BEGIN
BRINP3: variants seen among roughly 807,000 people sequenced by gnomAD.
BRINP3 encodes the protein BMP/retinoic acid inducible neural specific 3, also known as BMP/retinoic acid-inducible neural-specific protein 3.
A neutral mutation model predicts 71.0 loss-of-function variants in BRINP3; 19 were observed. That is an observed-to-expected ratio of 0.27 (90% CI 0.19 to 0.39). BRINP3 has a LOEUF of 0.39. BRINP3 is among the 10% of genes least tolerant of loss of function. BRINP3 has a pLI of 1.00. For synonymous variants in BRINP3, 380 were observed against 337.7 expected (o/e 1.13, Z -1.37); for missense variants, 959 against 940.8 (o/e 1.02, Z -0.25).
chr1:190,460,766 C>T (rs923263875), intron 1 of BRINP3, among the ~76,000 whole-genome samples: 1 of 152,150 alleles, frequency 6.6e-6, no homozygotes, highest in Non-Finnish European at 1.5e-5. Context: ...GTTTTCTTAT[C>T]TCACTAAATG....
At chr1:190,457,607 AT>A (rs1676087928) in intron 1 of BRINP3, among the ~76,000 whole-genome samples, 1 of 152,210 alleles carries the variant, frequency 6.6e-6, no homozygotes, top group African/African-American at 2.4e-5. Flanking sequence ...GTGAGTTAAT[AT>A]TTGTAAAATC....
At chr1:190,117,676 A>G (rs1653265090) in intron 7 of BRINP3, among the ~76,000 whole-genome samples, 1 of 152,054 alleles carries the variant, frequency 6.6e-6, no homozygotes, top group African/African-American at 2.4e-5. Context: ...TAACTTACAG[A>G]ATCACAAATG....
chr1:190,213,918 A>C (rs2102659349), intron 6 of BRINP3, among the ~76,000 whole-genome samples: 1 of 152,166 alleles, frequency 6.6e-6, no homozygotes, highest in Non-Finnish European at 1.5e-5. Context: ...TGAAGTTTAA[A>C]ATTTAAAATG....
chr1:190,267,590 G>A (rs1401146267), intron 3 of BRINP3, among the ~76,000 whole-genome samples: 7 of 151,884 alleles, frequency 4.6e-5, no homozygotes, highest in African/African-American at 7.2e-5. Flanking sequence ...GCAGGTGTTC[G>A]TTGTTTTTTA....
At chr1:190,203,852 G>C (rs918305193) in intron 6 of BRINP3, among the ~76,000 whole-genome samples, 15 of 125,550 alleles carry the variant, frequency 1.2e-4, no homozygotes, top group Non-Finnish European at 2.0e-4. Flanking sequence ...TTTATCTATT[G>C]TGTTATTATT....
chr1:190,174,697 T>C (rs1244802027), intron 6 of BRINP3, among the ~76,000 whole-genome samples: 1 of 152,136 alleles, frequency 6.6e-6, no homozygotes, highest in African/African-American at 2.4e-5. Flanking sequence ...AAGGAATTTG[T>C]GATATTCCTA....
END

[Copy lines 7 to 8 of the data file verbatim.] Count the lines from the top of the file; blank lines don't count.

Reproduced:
chr1:190,213,918 A>C (rs2102659349), intron 6 of BRINP3, among the ~76,000 whole-genome samples: 1 of 152,166 alleles, frequency 6.6e-6, no homozygotes, highest in Non-Finnish European at 1.5e-5. Context: ...TGAAGTTTAA[A>C]ATTTAAAATG....
chr1:190,267,590 G>A (rs1401146267), intron 3 of BRINP3, among the ~76,000 whole-genome samples: 7 of 151,884 alleles, frequency 4.6e-5, no homozygotes, highest in African/African-American at 7.2e-5. Flanking sequence ...GCAGGTGTTC[G>A]TTGTTTTTTA....